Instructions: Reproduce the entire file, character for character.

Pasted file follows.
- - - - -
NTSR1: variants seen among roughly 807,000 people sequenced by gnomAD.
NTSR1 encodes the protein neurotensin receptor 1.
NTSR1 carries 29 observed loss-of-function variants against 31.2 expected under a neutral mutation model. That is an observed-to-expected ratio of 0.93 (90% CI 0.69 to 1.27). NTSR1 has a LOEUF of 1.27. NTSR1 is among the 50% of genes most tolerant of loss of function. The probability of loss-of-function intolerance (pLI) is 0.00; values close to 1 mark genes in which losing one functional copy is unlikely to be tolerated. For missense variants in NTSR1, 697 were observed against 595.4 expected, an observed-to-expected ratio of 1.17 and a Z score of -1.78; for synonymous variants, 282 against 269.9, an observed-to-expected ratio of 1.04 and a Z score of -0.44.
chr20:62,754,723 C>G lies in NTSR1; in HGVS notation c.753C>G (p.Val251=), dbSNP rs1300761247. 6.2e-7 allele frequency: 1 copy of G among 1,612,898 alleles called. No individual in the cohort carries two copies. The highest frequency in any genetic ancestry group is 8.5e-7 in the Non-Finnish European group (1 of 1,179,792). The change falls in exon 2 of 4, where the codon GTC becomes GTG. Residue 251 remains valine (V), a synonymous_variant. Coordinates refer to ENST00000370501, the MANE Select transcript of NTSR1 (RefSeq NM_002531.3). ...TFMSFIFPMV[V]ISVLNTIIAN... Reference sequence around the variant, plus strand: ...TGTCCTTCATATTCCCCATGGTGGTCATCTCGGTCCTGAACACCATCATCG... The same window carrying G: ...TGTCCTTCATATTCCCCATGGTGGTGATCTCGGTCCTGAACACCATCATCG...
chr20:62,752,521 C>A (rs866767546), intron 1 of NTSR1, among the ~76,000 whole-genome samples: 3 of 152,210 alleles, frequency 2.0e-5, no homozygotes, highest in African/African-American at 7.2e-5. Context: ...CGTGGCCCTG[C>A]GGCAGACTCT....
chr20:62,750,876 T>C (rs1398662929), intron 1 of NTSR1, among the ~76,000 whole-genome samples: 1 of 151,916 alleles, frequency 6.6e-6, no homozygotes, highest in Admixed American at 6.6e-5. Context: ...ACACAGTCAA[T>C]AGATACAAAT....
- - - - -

NTSR1: variants seen among roughly 807,000 people sequenced by gnomAD.
NTSR1 encodes the protein neurotensin receptor 1.
NTSR1 carries 29 observed loss-of-function variants against 31.2 expected under a neutral mutation model. That is an observed-to-expected ratio of 0.93 (90% CI 0.69 to 1.27). NTSR1 has a LOEUF of 1.27. NTSR1 is among the 50% of genes most tolerant of loss of function. The probability of loss-of-function intolerance (pLI) is 0.00; values close to 1 mark genes in which losing one functional copy is unlikely to be tolerated. For missense variants in NTSR1, 697 were observed against 595.4 expected, an observed-to-expected ratio of 1.17 and a Z score of -1.78; for synonymous variants, 282 against 269.9, an observed-to-expected ratio of 1.04 and a Z score of -0.44.
chr20:62,754,723 C>G lies in NTSR1; in HGVS notation c.753C>G (p.Val251=), dbSNP rs1300761247. 6.2e-7 allele frequency: 1 copy of G among 1,612,898 alleles called. No individual in the cohort carries two copies. The highest frequency in any genetic ancestry group is 8.5e-7 in the Non-Finnish European group (1 of 1,179,792). The change falls in exon 2 of 4, where the codon GTC becomes GTG. Residue 251 remains valine (V), a synonymous_variant. Coordinates refer to ENST00000370501, the MANE Select transcript of NTSR1 (RefSeq NM_002531.3). ...TFMSFIFPMV[V]ISVLNTIIAN... Reference sequence around the variant, plus strand: ...TGTCCTTCATATTCCCCATGGTGGTCATCTCGGTCCTGAACACCATCATCG... The same window carrying G: ...TGTCCTTCATATTCCCCATGGTGGTGATCTCGGTCCTGAACACCATCATCG...
chr20:62,752,521 C>A (rs866767546), intron 1 of NTSR1, among the ~76,000 whole-genome samples: 3 of 152,210 alleles, frequency 2.0e-5, no homozygotes, highest in African/African-American at 7.2e-5. Context: ...CGTGGCCCTG[C>A]GGCAGACTCT....
chr20:62,750,876 T>C (rs1398662929), intron 1 of NTSR1, among the ~76,000 whole-genome samples: 1 of 151,916 alleles, frequency 6.6e-6, no homozygotes, highest in Admixed American at 6.6e-5. Context: ...ACACAGTCAA[T>C]AGATACAAAT....